When I ski crud or powder or any ungroomed, I usually prefer to make bigger turns. This means I won't mind the demanding nature of the G4 or R:EX.

What a quandary, eh?
post #10 of 14
I leapt from Olin Catalyst to Nordica Next 7.0 (both shaped). It took me 2 full seasons to get used to them, but I learned a lot in these 2 seasons. The shorter Nordicas (170 cm) are much less forgiving than the longer Olins (185 cm)...

I improved, but it took me quite a bit of determination and drive. What drove me was I knew that in the end I would become better with the more technically challenging skis. I think I did.

I think a more forgiving ski encourages confidence. But the price is less attention to technique.
post #11 of 14
I almost quit skiing some time ago out of pure frustration. Pierre, eh! figured out that my skis were too long and too stiff. My notorious obsession with demo-ing skis arose out of that frustration. Pierre and Lars talked me into staying in the sport, and Pierre's advice on skis hit the mark. Ideally, skis would be forgiving enough to allow pleasure and substantial enough to allow growth. Skis that are TOO "challenging" can be worse than skis that are "too" forgiving, because they erase the very reason why we ski. Skiing is for fun. If I had to spend two damned years of my life in misery, it wouldn't have been fun.

For what it's worth, I weigh 150 at 5'8" and have been skiing the Bandit XX since last season. Great ski. Never felt it was "too forgiving", and skiers far more expert than I use it their advantage. Now I also have the Bandit X and the Head Monster iM 70x, both with 70 mm waists [as compared to the XX with 74 mm]. On packed snow the X is great, and on Wednesday at the end of the day I'll know about the iM 70x in spring conditions. When I can get them into natural snow a foot deep, I'll let you know how they do.

I'm having fun skiing. It's a challenge . . . and it's also a pleasure. For me, to be worthwhile, my skiing must allow both both.

[ March 17, 2003, 05:31 PM: Message edited by: oboe ]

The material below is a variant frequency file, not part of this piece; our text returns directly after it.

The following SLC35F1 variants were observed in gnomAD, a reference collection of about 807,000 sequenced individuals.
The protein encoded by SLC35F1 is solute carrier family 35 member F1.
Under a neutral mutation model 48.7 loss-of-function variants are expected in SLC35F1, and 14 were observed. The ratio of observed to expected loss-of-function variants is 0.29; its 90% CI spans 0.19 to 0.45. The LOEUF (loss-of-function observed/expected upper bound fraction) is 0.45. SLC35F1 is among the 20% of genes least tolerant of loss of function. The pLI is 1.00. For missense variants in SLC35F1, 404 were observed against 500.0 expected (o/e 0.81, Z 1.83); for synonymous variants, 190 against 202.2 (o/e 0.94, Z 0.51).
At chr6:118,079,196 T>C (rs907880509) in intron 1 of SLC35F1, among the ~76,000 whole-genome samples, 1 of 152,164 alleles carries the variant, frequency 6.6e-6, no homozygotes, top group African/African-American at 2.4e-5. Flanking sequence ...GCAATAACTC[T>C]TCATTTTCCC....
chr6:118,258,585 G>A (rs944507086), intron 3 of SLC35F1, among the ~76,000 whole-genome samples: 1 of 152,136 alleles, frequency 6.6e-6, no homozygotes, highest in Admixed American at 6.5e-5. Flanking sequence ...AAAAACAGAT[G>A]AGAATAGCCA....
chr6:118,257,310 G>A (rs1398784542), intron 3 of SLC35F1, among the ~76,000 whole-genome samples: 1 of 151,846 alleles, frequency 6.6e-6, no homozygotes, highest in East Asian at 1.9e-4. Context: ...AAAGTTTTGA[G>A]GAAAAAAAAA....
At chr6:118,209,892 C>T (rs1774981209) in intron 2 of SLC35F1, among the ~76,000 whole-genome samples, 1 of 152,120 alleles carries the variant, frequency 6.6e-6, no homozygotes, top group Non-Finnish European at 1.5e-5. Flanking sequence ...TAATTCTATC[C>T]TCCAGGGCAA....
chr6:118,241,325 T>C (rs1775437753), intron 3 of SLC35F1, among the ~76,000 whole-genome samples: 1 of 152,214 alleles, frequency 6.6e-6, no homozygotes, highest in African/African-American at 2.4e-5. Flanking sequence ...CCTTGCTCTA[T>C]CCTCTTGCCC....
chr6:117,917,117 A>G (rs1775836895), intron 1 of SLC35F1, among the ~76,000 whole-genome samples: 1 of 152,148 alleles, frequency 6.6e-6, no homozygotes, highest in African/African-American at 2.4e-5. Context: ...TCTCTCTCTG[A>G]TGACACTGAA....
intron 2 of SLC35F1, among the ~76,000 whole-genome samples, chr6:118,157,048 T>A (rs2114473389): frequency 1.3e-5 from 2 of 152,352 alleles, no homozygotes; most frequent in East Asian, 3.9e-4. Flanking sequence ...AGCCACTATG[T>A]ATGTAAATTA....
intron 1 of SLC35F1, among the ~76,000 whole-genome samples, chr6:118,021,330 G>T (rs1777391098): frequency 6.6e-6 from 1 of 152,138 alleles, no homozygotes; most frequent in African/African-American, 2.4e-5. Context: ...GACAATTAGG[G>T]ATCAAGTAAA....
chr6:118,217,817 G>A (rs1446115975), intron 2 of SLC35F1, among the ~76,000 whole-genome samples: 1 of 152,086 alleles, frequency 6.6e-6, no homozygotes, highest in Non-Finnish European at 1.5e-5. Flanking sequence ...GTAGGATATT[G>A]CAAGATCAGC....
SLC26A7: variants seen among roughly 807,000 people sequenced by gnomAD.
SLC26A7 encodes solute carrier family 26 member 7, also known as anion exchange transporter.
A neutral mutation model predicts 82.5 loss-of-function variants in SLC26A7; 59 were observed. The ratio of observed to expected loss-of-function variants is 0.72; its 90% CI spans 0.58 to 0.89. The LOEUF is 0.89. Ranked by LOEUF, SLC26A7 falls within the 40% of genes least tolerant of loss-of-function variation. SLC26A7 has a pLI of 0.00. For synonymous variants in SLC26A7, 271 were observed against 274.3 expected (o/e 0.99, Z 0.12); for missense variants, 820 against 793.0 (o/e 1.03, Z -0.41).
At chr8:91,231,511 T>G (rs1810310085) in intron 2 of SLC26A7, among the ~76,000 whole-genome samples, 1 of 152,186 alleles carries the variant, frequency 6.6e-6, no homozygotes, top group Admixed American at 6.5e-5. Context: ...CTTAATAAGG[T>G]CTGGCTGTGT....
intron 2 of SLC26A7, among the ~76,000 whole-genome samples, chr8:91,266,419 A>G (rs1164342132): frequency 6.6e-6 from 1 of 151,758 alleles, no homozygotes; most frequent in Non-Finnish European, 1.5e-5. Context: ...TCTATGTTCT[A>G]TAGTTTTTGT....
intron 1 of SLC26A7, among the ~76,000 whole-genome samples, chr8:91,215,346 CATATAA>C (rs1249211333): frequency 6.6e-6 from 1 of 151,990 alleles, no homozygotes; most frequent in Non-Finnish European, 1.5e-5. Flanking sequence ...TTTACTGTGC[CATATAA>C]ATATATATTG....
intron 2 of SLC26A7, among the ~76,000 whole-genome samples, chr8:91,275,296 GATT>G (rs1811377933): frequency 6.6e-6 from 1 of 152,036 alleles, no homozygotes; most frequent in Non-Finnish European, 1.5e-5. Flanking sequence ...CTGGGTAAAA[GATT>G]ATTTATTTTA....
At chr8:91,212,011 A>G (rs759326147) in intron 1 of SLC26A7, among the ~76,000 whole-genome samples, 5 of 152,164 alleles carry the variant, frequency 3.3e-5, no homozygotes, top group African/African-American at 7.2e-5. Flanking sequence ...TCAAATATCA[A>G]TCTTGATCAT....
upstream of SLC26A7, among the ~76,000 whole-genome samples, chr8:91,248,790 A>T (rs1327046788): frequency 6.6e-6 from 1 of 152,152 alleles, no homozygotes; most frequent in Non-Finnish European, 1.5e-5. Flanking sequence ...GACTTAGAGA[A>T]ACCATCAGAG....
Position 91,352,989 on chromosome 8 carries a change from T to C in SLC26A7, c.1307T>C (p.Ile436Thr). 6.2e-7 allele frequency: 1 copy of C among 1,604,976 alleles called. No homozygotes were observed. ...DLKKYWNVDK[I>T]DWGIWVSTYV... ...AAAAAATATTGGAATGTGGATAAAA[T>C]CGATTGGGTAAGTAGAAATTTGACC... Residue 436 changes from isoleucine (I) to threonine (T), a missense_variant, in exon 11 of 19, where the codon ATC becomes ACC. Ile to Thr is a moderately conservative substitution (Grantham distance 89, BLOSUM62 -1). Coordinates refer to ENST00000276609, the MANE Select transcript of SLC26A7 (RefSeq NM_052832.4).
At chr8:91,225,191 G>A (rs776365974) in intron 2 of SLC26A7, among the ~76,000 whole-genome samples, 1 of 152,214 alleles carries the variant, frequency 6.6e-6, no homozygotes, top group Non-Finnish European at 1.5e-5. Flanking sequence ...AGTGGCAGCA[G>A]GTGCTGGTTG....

post #12 of 14
I think the vast majority of skiers are on way, WAY, too long a ski.

Skied all day with Bob Barnes at Loveland. I suppose he is 5'11, however, he is a skinny guy. I'm 5'11" and weigh 185.

I started the day on a new pair of next years Fischer RX8's in a 170. I wanted to try the ski and there were a few inches of fresh snow (4-6 I would guess) Bob was on a 160 cm slalom ski.

By noon I had switched to a short slalom. I think they force me to find my balance, they do fine in deeper pockets of snow, and they do great in bumps.

I would say it's analagous to the difference between a sports car and a large sedan. Short shaped skis are a blast. The little Fischer WC SC has a turn radius of 10 meters. It's a blast!
post #13 of 14
Oboe, I plan on being at Sugarbush on Wednesday to demo some Head skis. I'll be on the lookout for a guy with a new pair of IM 70's.
post #14 of 14
Mac, if you see a guy with those skis, have him look me up to compare notes. I'll be skiing at Jay that day. When will you next be at Sugarbush? I expect to be there often.
New Posts  All Forums:Forum Nav:
  Return Home
  Back to Forum: Ski Instruction & Coaching
EpicSki › The Barking Bear Forums › Ski Training and Pro Forums › Ski Instruction & Coaching › Does a more forgiving ski encourage poor technique?